The Saboteur: First Impressions

The Saboteur is a game that is very similar to the Grand Theft Auto, Mercenaries, Saints Row, and Crackdown franchises. So far, I’d say the main thing that differentiates it from its competitors is that it takes many of the best elements from these games and combines them all in one place.

There are disguises similar to [Prototype], wall climbing like in Assassin’s Creed, plenty of driving missions like Saints Row and GTA, cover-based gun fights like GTA IV, and destructible environments like Mercenaries.

Overall, my first impression of the game is that it’s very fun but also quite frustrating. The reasons that the game is fun are more obvious (“sandbox” game play; use of color and the lack thereof; and the freedom to beat missions in any which way you can manage them), so I’ll focus on the frustrations — along with providing my “fix” to keep it constructive.

  • There’s an early mission where you have to win an auto race. The first time I tried it, I was getting used to the driving mechanic and controls and ended up falling horribly behind. I may have been half-a-lap or more behind. At the time, I didn’t know you could jump to your last checkpoint. Instead, I spent another few minutes racing to the finish line so that I could fail and try again. When I was suitably far enough behind, the game should have popped up a “Don’t forget: if you’d like to re-try, press [start] and then [y].”
  • From another early mission, I was tasked with using stealth to release a guy named Crochet from a prison. The moment you release Crochet, whether you’re spotted or not, an alarm goes off and everyone is shooting at you from every direction. But you can’t run away just yet because you’re told to open three more cells. What works better? Tell the player that killing everyone on the way in, racing to open the doors, and then getting out of there is the best approach. Or get rid of the other cells.
  • Related to the prior comment, after you open a cell you stash your weapon. At first I thought I was losing my gun each time I opened the door — and I was racing to find a new weapon to replace it while under a steady barrage of fire from the Nazis. Since this is the first time you lose your weapon in this way, the game should have popped up a note to let you know that you’ve stashed your weapon — or, more simply, re-equipped it for you automatically after the door was opened.
  • Whenever you die or fail at a mission, you lose all of your grenades and explosives and any guns you may have just purchased. Bleh. So if you do fail at a mission, instead of quickly re-trying, you first have to track down new gear. I prefer a less penalty-driven approach where you keep everything you had at that last check-point, or at least start out with a pistol and a dozen bullets.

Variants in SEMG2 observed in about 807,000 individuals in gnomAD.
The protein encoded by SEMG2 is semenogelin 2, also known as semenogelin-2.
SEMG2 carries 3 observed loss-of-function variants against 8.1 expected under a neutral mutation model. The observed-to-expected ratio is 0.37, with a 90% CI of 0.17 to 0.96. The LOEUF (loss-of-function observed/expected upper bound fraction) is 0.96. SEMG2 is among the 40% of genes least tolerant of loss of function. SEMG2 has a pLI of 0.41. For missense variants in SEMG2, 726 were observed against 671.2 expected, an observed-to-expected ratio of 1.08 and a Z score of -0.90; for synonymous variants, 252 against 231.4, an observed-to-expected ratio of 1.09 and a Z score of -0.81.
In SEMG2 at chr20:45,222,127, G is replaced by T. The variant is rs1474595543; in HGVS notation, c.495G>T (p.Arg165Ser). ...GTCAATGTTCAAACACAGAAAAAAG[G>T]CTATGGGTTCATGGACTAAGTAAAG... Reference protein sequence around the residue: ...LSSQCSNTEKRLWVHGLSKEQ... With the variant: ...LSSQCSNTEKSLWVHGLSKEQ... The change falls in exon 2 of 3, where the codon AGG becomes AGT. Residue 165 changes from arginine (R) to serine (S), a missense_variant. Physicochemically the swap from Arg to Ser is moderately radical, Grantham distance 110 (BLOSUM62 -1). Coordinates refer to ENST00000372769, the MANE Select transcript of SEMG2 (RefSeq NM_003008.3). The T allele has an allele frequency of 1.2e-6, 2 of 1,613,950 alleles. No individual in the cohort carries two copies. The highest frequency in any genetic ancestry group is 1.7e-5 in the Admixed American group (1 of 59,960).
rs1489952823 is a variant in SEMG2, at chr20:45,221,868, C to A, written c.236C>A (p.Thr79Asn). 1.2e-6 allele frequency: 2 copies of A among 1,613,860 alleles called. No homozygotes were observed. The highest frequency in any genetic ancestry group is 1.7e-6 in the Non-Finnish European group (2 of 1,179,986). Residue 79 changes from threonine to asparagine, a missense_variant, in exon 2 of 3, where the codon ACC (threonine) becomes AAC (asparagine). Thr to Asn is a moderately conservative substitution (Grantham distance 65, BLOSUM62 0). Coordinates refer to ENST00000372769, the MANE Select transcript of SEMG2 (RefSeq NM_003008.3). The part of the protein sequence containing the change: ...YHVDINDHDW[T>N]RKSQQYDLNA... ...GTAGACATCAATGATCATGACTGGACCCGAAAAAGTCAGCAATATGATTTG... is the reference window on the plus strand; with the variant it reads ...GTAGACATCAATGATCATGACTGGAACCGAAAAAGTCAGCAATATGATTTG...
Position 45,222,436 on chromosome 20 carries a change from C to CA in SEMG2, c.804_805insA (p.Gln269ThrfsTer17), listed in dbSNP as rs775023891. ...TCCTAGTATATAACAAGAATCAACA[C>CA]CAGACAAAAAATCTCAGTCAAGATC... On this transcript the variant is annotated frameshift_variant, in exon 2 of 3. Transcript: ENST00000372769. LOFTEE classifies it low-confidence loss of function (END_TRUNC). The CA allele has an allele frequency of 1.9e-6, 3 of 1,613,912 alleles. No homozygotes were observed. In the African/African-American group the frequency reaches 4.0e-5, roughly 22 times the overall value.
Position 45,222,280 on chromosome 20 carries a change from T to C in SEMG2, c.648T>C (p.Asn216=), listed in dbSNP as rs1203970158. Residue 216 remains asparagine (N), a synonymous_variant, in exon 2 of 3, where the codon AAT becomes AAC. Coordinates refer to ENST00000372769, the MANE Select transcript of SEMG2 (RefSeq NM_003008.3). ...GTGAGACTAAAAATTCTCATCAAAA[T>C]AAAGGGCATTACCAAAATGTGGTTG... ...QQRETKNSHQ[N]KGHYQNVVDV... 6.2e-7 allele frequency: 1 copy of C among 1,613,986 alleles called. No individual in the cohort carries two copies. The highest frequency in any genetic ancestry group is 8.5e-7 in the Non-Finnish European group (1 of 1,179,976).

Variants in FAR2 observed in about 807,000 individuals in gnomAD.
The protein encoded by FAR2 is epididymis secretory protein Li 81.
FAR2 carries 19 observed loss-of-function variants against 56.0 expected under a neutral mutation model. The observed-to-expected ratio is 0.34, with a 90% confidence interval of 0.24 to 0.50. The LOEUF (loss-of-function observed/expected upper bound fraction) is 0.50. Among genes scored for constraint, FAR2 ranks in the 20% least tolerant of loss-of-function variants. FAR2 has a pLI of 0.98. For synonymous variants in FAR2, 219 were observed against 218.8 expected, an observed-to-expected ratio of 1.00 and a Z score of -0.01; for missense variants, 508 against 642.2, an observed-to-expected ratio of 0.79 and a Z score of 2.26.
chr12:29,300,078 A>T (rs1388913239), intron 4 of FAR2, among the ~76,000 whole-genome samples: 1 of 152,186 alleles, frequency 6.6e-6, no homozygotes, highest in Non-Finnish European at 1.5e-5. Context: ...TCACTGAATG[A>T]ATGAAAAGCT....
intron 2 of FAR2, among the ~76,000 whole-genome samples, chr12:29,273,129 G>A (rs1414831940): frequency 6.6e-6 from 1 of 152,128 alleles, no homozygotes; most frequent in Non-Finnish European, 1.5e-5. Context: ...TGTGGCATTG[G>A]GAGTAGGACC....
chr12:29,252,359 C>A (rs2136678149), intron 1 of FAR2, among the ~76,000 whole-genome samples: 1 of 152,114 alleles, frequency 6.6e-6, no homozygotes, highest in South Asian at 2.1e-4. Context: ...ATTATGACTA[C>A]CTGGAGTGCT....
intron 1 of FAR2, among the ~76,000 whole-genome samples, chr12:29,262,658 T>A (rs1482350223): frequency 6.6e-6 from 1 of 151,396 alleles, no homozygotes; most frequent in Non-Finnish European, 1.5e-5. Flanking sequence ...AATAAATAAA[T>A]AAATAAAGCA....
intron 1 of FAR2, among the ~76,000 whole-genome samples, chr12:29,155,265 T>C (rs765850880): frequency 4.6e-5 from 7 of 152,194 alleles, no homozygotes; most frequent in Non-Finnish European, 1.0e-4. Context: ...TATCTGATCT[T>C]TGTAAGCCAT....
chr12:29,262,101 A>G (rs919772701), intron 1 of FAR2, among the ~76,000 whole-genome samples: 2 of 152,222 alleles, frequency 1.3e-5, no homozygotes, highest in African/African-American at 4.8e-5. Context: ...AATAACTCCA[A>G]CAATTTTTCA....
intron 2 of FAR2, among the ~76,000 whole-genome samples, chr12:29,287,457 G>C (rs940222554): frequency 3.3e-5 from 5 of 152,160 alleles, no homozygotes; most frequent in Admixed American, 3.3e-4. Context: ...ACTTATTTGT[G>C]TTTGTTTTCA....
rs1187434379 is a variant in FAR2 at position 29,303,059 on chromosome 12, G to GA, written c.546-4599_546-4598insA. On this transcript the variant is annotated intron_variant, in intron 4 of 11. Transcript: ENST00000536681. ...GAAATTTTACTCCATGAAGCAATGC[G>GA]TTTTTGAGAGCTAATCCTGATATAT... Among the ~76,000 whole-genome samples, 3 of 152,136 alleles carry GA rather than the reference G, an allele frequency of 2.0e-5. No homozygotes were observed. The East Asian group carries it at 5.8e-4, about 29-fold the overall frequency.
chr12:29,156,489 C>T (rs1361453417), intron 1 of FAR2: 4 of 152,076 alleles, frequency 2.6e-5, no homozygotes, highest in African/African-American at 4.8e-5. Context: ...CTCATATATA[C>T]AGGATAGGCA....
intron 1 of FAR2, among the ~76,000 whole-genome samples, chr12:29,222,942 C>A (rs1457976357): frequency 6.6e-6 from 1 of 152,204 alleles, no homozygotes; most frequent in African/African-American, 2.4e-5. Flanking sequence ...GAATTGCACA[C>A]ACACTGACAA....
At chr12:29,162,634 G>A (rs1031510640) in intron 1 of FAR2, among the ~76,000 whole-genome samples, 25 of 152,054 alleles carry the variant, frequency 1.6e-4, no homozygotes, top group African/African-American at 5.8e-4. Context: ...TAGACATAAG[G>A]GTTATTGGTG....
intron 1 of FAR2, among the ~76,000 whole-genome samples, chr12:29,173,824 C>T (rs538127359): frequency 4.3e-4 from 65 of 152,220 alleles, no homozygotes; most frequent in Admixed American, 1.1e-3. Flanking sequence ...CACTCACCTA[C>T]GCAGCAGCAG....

• The combat is generally fun. Lots of good run-n-gun goodness. But I really miss the inclusion of the ability to lock-on to a target — or, as with Mass Effect, to require only that your aim is “close enough” to your opponent. Unfortunately, like Saints Row, I frequently over-steer my aim when I’m in combat, first firing over a soldier’s left shoulder, then his right, and then his left again as I try to actually hit him.
  • When you perform a feat of terrorism the area around your activity, on the mini-map, turns yellow. It’s now a suspicious zone and if you stay in it when guards are around you’re going to be in trouble. When you do get in trouble a large red circle forms around your character’s position on the mini-map. Every German is now hostile toward you and will attack you until you are out of range. You can try to escape the zone but if any Nazi spots you along the way the circle re-centers on you. It’d be more than nice if, instead of these psychic guards, the system featured a circle that does not re-center on you unless you perform a new suspicious activity.
  • In the first black market mission you’re sent to re-claim a bottle of wine. The moment the mission started the guards immediately went to red alert. The game informs you that the nearby gestapo can see through your disguise, but by then it’s too late. The game should have started me in a safer location so that I could have more easily removed my disguise.

Bottom Line: Like any complicated game there’s a learning curve. Once you get past the curve, a lot of these criticisms disappear. And while Pandemic definitely could have done a better job of easing the transition on some of these points, I don’t want to criticize them too harshly because they have a lot of very helpful tutorial pages as you play.

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